The delegation from a Space to your Agent that w3up-client needs can be passed either by verifying the email address the Space is registered to and claiming the UCAN delegation (authorize(email) then capability.access.claim) or directly if you have the UCAN delegation available locally (addSpace(delegation)).

Delegation to other actors

Just like Spaces can delegate permissions to Agents you own, you can also delegate permissions to other actors' Agents. One common application of this could be you delegating permission to upload to your Space to your users. Here's a code snippet demonstrating this:


import { CarReader } from '@ipld/car'
import * as DID from '@ipld/dag-ucan/did'
import * as Delegation from '@ucanto/core/delegation'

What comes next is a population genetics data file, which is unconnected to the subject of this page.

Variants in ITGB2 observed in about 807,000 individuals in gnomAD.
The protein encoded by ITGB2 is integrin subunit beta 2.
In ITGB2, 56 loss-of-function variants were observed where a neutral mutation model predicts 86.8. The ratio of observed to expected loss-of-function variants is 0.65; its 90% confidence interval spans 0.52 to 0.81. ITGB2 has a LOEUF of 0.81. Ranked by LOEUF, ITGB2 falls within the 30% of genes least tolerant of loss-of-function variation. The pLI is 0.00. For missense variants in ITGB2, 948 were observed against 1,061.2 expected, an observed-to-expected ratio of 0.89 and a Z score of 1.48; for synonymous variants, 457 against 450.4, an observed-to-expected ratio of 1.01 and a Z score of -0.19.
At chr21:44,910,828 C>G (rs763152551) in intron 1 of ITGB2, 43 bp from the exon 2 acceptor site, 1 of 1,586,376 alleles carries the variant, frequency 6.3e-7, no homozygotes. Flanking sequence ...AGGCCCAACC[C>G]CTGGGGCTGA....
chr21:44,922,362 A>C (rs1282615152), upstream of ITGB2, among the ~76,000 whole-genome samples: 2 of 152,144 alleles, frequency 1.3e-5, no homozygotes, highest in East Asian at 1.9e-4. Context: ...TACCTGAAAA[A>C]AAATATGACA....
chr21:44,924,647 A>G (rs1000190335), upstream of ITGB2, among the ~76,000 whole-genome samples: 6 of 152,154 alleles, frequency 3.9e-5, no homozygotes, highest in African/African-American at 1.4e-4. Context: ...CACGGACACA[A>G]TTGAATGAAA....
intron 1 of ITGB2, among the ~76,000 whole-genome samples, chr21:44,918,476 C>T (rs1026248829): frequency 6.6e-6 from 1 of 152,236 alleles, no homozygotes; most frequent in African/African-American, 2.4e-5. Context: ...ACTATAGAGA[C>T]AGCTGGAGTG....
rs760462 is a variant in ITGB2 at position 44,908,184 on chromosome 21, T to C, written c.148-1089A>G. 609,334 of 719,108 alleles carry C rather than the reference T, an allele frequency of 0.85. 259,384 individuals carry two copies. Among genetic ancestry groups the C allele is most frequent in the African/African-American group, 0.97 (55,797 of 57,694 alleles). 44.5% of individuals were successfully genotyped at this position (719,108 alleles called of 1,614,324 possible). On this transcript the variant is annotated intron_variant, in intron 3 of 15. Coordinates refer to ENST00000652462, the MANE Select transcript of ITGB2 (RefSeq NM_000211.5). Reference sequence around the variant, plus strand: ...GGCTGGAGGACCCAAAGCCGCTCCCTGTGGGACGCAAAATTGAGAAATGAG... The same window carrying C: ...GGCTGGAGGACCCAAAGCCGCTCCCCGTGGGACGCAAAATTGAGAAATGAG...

import * as Signer from '@ucanto/principal/ed25519'
import * as Client from '@web3-storage/w3up-client'
import { StoreMemory } from '@web3-storage/w3up-client/stores/memory'
async function backend(did) {
  // Load client with specific private key
  const principal = Signer.parse(process.env.KEY)
  const store = new StoreMemory()
  const client = await Client.create({ principal, store })
  // Add proof that this agent has been delegated capabilities on the space
  const proof = await parseProof(process.env.PROOF)
  const space = await client.addSpace(proof)
  await client.setCurrentSpace(space.did())
  // Create a delegation for a specific DID
  const audience = DID.parse(did)
  const abilities = ['store/add', 'upload/add']
  const expiration = Math.floor( / 1000) + (60 * 60 * 24) // 24 hours from now
  const delegation = await client.createDelegation(audience, abilities, { expiration })
  // Serialize the delegation and send it to the client
  const archive = await delegation.archive()
  return archive.ok
/** @param {string} data Base64 encoded CAR file */